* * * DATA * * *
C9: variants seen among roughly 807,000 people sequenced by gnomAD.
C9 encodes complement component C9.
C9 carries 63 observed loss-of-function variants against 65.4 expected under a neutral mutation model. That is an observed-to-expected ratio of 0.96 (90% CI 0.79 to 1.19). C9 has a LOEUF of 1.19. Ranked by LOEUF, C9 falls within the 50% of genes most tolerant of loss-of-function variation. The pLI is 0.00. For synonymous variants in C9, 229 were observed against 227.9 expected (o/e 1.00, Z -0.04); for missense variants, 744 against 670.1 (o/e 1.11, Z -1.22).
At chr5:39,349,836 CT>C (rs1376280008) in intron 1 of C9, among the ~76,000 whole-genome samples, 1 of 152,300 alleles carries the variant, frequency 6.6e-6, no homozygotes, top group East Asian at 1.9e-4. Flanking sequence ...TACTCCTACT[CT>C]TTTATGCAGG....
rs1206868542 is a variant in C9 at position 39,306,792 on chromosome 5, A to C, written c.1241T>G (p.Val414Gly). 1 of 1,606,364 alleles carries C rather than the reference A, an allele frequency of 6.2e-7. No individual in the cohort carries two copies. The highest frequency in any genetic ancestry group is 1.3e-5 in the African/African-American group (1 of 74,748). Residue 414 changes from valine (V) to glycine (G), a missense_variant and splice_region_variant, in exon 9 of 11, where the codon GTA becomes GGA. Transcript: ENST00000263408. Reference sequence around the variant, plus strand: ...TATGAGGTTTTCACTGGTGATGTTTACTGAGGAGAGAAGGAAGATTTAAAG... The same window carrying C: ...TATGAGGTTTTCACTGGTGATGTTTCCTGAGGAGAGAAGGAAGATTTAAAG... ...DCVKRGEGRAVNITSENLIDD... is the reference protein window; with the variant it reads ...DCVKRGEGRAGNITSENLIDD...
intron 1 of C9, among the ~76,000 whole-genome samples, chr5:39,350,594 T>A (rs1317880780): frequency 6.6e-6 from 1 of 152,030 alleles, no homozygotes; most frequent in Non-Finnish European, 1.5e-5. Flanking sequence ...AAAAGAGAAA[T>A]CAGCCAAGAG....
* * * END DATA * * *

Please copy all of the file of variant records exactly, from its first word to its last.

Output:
C9: variants seen among roughly 807,000 people sequenced by gnomAD.
C9 encodes complement component C9.
C9 carries 63 observed loss-of-function variants against 65.4 expected under a neutral mutation model. That is an observed-to-expected ratio of 0.96 (90% CI 0.79 to 1.19). C9 has a LOEUF of 1.19. Ranked by LOEUF, C9 falls within the 50% of genes most tolerant of loss-of-function variation. The pLI is 0.00. For synonymous variants in C9, 229 were observed against 227.9 expected (o/e 1.00, Z -0.04); for missense variants, 744 against 670.1 (o/e 1.11, Z -1.22).
At chr5:39,349,836 CT>C (rs1376280008) in intron 1 of C9, among the ~76,000 whole-genome samples, 1 of 152,300 alleles carries the variant, frequency 6.6e-6, no homozygotes, top group East Asian at 1.9e-4. Flanking sequence ...TACTCCTACT[CT>C]TTTATGCAGG....
rs1206868542 is a variant in C9 at position 39,306,792 on chromosome 5, A to C, written c.1241T>G (p.Val414Gly). 1 of 1,606,364 alleles carries C rather than the reference A, an allele frequency of 6.2e-7. No individual in the cohort carries two copies. The highest frequency in any genetic ancestry group is 1.3e-5 in the African/African-American group (1 of 74,748). Residue 414 changes from valine (V) to glycine (G), a missense_variant and splice_region_variant, in exon 9 of 11, where the codon GTA becomes GGA. Transcript: ENST00000263408. Reference sequence around the variant, plus strand: ...TATGAGGTTTTCACTGGTGATGTTTACTGAGGAGAGAAGGAAGATTTAAAG... The same window carrying C: ...TATGAGGTTTTCACTGGTGATGTTTCCTGAGGAGAGAAGGAAGATTTAAAG... ...DCVKRGEGRAVNITSENLIDD... is the reference protein window; with the variant it reads ...DCVKRGEGRAGNITSENLIDD...
intron 1 of C9, among the ~76,000 whole-genome samples, chr5:39,350,594 T>A (rs1317880780): frequency 6.6e-6 from 1 of 152,030 alleles, no homozygotes; most frequent in Non-Finnish European, 1.5e-5. Flanking sequence ...AAAAGAGAAA[T>A]CAGCCAAGAG....